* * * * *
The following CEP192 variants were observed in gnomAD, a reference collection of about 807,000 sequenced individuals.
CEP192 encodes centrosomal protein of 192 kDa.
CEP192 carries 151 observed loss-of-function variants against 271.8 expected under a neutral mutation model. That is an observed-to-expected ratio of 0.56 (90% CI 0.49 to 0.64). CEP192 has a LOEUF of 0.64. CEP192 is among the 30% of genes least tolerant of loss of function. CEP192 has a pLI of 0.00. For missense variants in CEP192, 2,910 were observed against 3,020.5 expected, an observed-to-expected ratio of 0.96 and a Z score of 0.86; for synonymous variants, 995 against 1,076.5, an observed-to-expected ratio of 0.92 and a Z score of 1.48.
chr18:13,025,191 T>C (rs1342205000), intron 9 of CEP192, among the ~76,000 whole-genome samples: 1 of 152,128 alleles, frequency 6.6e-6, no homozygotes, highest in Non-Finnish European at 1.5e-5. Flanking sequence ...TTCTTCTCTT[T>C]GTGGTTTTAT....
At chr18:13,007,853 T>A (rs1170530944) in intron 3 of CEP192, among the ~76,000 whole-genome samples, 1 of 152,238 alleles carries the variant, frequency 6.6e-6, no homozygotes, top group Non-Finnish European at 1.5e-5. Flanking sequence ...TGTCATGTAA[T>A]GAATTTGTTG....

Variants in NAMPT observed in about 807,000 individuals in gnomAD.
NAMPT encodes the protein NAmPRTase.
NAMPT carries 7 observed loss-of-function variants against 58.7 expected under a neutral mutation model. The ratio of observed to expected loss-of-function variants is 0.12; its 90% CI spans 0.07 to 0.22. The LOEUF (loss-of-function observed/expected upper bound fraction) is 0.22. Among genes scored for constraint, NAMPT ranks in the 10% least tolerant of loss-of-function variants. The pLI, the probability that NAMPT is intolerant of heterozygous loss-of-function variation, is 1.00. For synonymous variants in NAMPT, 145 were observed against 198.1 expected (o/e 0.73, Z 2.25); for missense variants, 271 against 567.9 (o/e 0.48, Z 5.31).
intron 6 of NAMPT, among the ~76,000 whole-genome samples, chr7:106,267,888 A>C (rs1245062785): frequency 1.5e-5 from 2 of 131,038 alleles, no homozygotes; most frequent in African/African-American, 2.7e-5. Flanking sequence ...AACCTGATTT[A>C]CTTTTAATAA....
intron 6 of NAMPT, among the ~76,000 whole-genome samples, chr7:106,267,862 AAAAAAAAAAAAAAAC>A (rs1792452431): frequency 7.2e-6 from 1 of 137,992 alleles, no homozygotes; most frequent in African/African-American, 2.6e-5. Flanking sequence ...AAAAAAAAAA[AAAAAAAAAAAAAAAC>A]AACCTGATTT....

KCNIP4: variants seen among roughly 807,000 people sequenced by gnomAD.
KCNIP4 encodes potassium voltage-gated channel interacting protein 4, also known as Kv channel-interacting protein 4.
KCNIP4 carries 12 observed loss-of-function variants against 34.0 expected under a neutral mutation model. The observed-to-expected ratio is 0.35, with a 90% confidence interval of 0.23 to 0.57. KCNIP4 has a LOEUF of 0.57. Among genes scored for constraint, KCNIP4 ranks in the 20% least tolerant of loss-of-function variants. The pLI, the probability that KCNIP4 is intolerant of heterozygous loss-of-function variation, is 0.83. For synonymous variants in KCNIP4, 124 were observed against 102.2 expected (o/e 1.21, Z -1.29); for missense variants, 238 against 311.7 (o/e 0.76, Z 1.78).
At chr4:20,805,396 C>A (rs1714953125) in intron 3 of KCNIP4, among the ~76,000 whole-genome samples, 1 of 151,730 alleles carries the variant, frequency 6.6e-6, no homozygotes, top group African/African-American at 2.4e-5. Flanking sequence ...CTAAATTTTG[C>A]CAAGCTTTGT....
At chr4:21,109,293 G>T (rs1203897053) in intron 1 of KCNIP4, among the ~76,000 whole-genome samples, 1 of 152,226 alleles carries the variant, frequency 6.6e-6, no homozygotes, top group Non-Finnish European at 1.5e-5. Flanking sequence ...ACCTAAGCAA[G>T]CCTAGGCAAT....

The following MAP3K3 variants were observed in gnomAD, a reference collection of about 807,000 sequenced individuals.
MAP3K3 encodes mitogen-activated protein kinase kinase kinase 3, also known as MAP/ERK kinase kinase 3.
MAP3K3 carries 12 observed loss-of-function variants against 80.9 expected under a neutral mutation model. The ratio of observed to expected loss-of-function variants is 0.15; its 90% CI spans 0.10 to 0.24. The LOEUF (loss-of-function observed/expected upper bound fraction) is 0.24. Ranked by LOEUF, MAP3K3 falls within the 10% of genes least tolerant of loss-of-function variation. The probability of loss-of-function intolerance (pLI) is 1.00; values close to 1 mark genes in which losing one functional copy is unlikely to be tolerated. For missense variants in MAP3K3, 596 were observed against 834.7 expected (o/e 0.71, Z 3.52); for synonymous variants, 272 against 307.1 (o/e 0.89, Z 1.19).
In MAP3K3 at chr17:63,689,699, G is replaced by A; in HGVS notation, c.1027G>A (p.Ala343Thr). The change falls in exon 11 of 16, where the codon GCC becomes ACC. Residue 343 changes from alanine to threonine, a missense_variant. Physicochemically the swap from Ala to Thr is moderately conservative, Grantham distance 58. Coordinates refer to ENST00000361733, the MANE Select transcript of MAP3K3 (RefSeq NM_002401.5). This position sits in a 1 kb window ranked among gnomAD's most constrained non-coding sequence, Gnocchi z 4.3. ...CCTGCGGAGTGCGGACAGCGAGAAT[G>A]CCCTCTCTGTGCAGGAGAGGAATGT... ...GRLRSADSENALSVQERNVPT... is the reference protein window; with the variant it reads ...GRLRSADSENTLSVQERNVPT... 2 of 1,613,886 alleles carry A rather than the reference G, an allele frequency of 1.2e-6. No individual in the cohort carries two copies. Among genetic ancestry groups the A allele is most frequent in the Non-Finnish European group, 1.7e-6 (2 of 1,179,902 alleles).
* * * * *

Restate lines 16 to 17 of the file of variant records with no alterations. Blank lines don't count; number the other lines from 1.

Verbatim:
The following MAP3K3 variants were observed in gnomAD, a reference collection of about 807,000 sequenced individuals.
MAP3K3 encodes mitogen-activated protein kinase kinase kinase 3, also known as MAP/ERK kinase kinase 3.